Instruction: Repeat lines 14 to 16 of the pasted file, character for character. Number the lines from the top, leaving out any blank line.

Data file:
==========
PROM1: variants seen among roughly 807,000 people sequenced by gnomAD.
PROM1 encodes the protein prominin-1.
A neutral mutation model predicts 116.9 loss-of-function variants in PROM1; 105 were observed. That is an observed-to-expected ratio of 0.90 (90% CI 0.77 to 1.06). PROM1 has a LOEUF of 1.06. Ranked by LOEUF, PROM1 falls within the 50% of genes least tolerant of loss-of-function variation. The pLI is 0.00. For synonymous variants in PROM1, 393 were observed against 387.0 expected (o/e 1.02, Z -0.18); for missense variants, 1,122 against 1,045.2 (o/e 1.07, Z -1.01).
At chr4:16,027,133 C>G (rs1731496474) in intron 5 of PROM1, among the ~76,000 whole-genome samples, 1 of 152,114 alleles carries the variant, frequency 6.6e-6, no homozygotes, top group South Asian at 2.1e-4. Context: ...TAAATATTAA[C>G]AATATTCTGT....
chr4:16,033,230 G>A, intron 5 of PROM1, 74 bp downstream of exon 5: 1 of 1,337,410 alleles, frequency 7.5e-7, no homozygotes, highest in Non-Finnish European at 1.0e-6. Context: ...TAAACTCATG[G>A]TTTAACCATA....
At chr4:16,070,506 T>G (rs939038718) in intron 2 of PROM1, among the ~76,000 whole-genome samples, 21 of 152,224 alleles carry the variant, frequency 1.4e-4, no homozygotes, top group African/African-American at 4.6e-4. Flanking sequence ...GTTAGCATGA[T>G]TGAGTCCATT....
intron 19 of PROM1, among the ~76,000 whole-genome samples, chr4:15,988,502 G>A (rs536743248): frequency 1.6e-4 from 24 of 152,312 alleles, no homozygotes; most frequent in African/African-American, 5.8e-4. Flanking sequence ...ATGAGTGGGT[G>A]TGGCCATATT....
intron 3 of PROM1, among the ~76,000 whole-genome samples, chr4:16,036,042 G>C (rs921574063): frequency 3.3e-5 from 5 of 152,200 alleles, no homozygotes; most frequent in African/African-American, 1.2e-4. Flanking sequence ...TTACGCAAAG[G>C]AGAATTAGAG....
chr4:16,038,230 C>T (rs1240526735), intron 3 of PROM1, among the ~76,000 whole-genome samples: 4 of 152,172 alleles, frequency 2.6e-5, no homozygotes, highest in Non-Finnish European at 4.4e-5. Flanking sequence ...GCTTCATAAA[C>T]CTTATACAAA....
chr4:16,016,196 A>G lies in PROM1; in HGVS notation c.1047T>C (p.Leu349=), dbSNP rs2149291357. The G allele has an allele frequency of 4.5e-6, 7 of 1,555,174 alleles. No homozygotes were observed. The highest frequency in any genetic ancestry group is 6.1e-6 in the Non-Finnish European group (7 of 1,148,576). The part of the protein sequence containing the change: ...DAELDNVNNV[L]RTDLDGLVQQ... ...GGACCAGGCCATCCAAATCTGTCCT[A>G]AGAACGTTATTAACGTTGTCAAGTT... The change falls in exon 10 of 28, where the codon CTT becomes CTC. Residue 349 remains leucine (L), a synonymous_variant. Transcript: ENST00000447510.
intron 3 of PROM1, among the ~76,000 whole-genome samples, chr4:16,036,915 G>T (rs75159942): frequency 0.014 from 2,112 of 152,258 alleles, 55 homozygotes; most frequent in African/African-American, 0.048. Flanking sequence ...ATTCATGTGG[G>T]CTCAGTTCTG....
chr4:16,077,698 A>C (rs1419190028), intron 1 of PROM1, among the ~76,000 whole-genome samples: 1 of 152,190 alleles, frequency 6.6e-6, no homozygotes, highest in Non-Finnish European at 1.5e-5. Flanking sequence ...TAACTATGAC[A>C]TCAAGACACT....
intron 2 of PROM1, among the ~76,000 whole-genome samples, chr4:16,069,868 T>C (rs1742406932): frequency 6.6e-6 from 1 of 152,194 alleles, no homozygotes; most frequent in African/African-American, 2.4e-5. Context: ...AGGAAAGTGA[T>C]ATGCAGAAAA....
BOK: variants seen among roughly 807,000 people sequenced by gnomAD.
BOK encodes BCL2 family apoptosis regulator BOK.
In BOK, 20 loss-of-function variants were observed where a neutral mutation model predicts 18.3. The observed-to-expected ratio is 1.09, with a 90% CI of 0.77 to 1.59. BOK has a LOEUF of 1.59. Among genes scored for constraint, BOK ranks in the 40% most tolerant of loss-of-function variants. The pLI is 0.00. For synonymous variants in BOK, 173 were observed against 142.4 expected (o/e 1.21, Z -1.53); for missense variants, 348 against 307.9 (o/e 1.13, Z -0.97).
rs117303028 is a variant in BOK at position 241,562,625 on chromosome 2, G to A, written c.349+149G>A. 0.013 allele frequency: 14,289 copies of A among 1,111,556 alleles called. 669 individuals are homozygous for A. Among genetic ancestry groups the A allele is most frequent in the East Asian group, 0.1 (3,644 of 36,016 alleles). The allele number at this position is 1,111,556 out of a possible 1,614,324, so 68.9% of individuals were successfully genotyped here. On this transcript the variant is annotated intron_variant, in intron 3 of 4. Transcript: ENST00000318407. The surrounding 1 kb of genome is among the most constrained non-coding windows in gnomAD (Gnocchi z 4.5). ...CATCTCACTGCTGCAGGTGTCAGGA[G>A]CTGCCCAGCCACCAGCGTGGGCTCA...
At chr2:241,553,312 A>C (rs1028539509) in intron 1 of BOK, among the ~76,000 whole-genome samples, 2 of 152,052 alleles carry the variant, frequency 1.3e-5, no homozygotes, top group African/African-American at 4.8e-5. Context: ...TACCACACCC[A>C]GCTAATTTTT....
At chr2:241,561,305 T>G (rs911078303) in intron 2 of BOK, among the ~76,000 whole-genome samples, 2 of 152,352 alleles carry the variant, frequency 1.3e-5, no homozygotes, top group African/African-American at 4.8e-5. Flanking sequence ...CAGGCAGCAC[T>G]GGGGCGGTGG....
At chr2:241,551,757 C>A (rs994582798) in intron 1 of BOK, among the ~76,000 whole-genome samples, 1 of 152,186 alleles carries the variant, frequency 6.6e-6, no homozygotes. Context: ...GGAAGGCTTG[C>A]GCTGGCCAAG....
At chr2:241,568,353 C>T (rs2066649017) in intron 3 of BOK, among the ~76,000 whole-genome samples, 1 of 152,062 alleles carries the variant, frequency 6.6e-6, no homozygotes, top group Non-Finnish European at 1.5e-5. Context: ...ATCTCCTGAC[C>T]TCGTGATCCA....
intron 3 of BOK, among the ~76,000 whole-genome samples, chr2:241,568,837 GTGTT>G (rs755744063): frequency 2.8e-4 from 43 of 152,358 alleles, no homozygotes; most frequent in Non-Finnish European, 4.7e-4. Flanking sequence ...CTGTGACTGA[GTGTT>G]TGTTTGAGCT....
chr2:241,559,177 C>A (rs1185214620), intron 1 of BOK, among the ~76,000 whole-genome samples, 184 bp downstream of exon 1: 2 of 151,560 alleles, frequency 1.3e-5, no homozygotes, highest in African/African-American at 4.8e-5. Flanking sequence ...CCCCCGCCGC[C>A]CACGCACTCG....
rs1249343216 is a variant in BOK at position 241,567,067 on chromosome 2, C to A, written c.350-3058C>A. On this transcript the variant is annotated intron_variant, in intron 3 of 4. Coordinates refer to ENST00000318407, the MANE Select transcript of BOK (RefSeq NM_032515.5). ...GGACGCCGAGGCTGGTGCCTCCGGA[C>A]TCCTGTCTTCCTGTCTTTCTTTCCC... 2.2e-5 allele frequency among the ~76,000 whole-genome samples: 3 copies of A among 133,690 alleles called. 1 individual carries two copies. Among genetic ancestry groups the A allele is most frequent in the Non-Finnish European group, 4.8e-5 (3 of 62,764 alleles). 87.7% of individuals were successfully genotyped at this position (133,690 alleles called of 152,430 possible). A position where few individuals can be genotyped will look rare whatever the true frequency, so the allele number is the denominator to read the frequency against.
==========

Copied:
BOK: variants seen among roughly 807,000 people sequenced by gnomAD.
BOK encodes BCL2 family apoptosis regulator BOK.
In BOK, 20 loss-of-function variants were observed where a neutral mutation model predicts 18.3. The observed-to-expected ratio is 1.09, with a 90% CI of 0.77 to 1.59. BOK has a LOEUF of 1.59. Among genes scored for constraint, BOK ranks in the 40% most tolerant of loss-of-function variants. The pLI is 0.00. For synonymous variants in BOK, 173 were observed against 142.4 expected (o/e 1.21, Z -1.53); for missense variants, 348 against 307.9 (o/e 1.13, Z -0.97).